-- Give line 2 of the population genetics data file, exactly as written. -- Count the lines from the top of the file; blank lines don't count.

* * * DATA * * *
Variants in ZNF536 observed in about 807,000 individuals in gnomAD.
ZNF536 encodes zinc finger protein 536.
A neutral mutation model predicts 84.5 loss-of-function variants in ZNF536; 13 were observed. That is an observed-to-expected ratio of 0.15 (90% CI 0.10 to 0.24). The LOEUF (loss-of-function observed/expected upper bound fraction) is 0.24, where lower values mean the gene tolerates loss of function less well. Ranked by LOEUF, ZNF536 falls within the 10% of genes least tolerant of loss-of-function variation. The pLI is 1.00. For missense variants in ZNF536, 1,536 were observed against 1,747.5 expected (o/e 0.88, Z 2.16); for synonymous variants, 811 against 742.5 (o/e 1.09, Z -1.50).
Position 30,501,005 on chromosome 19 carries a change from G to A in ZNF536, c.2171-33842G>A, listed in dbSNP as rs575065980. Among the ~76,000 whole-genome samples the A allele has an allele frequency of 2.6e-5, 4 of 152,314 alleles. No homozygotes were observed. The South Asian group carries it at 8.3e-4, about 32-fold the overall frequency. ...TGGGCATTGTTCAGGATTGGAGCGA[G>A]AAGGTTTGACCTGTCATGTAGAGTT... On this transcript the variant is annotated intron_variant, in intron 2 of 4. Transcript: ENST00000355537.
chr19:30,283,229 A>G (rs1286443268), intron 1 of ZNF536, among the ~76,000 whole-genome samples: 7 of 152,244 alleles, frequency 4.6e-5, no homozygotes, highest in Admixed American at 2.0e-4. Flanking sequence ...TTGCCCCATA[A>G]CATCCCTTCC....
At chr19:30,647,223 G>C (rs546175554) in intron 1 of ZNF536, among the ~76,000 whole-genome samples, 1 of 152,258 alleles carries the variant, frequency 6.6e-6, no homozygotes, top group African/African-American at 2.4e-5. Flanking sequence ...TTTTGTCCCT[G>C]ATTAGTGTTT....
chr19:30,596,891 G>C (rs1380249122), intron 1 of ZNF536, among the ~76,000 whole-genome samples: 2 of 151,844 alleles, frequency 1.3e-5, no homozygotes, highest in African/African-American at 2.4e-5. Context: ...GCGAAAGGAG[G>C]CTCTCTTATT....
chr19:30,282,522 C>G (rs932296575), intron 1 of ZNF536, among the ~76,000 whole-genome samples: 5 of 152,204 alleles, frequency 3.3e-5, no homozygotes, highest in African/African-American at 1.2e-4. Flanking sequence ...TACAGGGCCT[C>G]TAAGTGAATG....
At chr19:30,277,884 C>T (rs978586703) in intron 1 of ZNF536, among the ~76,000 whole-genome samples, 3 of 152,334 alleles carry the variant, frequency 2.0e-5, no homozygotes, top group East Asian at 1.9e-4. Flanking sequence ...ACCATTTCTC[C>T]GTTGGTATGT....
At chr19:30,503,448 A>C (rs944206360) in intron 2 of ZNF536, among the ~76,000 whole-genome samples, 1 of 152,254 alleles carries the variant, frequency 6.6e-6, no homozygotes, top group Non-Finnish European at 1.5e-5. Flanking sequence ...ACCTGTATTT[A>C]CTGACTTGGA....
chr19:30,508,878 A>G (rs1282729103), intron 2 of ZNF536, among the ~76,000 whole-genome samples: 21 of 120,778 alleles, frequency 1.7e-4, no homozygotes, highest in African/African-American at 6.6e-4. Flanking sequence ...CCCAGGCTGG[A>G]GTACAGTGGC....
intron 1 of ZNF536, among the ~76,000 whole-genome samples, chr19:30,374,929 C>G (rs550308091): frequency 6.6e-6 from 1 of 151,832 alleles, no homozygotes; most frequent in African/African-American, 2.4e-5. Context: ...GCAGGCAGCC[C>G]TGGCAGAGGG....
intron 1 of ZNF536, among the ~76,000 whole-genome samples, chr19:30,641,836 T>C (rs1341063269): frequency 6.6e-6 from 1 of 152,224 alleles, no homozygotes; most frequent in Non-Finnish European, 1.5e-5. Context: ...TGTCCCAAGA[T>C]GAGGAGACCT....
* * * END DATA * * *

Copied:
ZNF536 encodes zinc finger protein 536.